In the time that this blog has been live, we have focused mostly on industry trends and career prospects related to online information technology training. But along the way, we have made a point of publishing a few features dealing with non-economic aspects of working in information technology.
In particular, we’ve discussed the ways in which training and development specialist roles and responsibilities can be a way of giving back to the community, either at home or abroad. By helping to convey the benefits of your own online information technology training to other people, you can help to give a skills boost to underserved minorities or to developing regions of the world.
But in the same way that these topics highlight the non-economic benefits of pursuing a career in online information technology training, it may also be important to note that things like training and development roles and responsibilities can bring non-economic benefits to the communities or groups that you serve in our career. Sometimes those complementary benefits are actually more substantive than the money matters that usually drive a person to pursue online information technology training.
For instance, there are clear prospects for the influence of IT skills in situations where information technology and internet usage are tightly controlled by a government authority. In many such situations, the ability to effectively manage the IT landscape can not only provide individuals with better futures for themselves; it can help to liberate an entire society.
To some, this may seem melodramatic or self-aggrandizing. But we have seen terrific examples of how the effective use of social networking and information technology training has brought peoples to the cusp of democratic revolution in places like Iran. And in that same region of the world, we can also see how a young, well-educated, and tech savvy population is regularly able to get around repressive government restrictions.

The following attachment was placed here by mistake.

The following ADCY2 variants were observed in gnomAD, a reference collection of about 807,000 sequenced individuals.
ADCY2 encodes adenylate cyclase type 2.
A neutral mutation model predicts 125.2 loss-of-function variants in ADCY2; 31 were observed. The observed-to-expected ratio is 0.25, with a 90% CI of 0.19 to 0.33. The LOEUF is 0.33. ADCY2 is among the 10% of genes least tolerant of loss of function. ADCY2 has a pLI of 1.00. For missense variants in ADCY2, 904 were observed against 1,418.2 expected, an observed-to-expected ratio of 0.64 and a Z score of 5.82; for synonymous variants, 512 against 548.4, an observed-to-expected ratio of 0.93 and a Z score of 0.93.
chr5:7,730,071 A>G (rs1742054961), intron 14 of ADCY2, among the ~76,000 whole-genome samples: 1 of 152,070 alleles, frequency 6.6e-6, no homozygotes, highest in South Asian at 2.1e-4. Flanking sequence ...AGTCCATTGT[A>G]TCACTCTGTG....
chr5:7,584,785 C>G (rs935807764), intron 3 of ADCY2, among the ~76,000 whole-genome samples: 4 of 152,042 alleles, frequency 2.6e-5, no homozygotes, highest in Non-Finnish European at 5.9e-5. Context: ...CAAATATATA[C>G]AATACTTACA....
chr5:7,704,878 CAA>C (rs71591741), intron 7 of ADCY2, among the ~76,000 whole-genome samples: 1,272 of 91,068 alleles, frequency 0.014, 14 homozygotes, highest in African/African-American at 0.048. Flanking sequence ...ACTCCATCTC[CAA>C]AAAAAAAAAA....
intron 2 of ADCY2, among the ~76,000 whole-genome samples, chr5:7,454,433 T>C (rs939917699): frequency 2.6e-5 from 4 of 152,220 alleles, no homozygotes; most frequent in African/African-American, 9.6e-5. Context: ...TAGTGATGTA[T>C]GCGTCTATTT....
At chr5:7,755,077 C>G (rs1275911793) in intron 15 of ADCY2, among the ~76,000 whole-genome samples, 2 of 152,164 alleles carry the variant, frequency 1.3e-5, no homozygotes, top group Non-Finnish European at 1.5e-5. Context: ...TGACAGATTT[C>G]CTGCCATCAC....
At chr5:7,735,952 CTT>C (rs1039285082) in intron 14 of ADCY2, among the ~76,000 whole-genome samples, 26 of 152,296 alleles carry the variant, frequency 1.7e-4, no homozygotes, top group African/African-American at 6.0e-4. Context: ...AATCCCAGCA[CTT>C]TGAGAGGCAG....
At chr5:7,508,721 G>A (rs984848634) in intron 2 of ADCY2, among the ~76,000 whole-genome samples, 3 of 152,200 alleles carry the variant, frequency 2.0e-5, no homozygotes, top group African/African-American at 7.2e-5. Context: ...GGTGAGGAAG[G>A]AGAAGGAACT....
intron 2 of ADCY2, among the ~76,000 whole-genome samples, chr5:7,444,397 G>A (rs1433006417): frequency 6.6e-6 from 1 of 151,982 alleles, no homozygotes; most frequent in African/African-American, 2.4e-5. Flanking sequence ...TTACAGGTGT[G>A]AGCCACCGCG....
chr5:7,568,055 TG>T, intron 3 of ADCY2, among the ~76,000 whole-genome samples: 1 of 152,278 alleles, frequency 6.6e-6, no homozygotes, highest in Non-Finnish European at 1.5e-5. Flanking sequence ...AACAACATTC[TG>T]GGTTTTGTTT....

The International Campaign for Human Rights in Iran recently ran an article in which it criticized major, Western-based tech companies for paying too little attention to the security issues facing ordinary web users in that country. But the site’s reporting also pointed out that those issues are somewhat less serious than they could be, thanks to the use of proxy servers and the existence of some social networks that are marginally more secure than their most commonplace alternatives.
So this leads to at least two different ideas about how you can use online information technology training in service of political and human rights-related activities in distant places. On the one hand, the development of new and more secure networks and technologies is a definite weapon in global fights against tyranny in the 21st century. And on the other hand, a US-based training and development specialist may be able to find opportunities to teach foreign activists and ordinary citizens a great deal about how to more safely navigate an online landscape that increasingly has the power to bring down governments.